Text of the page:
While “Back to the Future II” is arguably the best movie in the trilogy, not many of its predictions came true. We’re still not wearing two neckties, faxes have been out of use for at least a decade, pockets still go on the inside, and Jaws 19 still isn’t out (although Universal did produce a trailer for the movie to celebrate last year’s BTTF day).
But the biggest disappointment suffered by Back to the Future fans last year was that Nike didn’t keep promise. The company had said that they’d release the self-lacing Nike shoes by October 21st 2015, the day when Marty travels to the future, but the products were sadly delayed.
However, today is the day. Finally, 27 years after the movie came out, Nike releases BTTF Air Mag self-lacing sneakers. They don’t look exactly like the ones in the movie, and they came out a bit too late to please disgruntled Back to the Future fans, but the technology is finally here.
Of course, just because the company released the sneakers a few months late, it doesn’t really take away from the importance of the achievement. And these days, Nike is all about achievements and innovations. The company is most certainly the most progressive clothing company in the world right now.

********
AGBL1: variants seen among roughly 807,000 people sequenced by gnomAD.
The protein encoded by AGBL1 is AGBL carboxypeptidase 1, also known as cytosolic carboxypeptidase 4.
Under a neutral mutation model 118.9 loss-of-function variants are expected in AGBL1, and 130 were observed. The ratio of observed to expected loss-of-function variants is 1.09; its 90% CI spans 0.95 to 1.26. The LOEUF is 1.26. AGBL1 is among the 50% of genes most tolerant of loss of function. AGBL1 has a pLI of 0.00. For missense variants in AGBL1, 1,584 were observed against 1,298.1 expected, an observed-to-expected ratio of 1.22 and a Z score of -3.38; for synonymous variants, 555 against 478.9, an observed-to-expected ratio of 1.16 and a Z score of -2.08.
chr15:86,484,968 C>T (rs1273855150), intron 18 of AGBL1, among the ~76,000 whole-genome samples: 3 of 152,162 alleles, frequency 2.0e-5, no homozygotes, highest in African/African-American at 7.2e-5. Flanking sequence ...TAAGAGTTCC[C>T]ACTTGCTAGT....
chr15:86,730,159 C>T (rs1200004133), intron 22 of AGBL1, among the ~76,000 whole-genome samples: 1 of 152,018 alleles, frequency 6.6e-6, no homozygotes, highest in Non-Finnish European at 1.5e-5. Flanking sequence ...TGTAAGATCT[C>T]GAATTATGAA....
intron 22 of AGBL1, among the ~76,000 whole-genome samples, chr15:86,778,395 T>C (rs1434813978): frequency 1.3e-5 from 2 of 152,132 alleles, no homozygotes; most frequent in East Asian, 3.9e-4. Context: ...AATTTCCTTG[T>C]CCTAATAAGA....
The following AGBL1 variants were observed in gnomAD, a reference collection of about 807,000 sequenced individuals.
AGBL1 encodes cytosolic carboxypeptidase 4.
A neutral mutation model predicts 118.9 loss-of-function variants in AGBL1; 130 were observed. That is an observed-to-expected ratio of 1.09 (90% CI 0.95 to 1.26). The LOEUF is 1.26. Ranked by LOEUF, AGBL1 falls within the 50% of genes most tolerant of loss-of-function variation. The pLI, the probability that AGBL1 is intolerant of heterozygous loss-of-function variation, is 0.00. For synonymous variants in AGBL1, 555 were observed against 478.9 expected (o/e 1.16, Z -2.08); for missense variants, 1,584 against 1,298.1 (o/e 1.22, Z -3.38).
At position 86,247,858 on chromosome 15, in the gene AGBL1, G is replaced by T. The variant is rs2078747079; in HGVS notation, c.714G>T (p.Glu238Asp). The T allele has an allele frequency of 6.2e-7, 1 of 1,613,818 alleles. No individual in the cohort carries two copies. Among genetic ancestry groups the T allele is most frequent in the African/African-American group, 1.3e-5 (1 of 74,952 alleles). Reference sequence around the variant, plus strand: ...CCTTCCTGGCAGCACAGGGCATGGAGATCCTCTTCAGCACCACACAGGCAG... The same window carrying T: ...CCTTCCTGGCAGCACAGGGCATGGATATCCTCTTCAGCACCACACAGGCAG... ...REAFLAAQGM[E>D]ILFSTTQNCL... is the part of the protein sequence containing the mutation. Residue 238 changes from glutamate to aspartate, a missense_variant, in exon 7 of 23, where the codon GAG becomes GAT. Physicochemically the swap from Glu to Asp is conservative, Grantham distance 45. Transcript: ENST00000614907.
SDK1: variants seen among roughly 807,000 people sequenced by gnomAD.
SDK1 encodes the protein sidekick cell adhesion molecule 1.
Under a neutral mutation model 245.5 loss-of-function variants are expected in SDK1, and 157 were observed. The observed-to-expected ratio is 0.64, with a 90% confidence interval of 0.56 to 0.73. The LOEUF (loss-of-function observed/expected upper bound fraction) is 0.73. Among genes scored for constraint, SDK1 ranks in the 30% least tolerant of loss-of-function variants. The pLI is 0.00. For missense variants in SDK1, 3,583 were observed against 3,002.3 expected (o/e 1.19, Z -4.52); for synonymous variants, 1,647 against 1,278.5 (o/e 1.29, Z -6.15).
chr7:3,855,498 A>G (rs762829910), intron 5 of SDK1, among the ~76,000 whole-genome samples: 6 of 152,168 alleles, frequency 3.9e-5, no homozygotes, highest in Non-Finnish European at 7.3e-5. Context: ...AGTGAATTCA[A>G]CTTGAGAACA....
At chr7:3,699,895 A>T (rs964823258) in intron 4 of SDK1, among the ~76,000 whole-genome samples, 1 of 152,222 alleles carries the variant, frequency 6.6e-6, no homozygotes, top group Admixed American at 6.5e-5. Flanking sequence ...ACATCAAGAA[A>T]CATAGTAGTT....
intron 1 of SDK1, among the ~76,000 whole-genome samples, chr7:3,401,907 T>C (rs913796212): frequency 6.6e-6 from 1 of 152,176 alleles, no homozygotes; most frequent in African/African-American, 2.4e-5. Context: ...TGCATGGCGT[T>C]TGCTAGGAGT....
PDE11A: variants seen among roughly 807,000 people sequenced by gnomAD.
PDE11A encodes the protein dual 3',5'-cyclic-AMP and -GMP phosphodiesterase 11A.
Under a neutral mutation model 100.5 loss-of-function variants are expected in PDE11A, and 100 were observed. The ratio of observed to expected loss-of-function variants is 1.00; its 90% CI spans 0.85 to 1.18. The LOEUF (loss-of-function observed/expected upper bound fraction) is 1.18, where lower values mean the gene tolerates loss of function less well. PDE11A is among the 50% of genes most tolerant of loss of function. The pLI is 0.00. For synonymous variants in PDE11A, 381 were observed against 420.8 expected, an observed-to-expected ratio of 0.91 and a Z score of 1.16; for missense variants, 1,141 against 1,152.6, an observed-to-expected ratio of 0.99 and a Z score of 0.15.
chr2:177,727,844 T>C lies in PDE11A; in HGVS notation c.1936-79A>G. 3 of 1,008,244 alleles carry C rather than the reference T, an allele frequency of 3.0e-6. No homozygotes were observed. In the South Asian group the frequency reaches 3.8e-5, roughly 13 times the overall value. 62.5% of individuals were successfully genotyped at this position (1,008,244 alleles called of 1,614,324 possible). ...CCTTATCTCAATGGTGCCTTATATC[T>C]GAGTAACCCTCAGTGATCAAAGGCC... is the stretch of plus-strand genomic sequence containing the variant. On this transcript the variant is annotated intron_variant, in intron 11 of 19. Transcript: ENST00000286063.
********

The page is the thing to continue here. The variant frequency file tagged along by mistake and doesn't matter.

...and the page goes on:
According to Tinker Hatfield, one of the most important Nike designers,
Innovation at Nike is not about dreaming of tomorrow. It’s about accelerating toward it. We’re able to anticipate the needs of athletes because we know them better than anybody. Sometimes, we deliver a reality before others have even begun to imagine it.
Sure, that might seem highly over-confident and maybe even narcissistic, but when you get the achievements Nike has managed to grab, you’ll have all the right in the world to be so confident. The company is not even close to being on par with its competitors, leaving them far behind a few years ago.
Their biggest source of innovation lies, of course, in the company’s patents. Nike has been seeing an annual increase of 14% in their number of patents ever since 2000. This brings them to over 4,000 patents granted over the past 40 years. For comparison, their top competitors – Reebok, Adidas, Under Armour and New Balance only have a total of somewhere around 1,000 patents combined.
A huge part of this success stems from their business management. Even though they haven’t released any actual numbers, it’s estimated that the company allocated between six to nine percent of their $30 billion yearly sales to research and development.
Image source: YouTube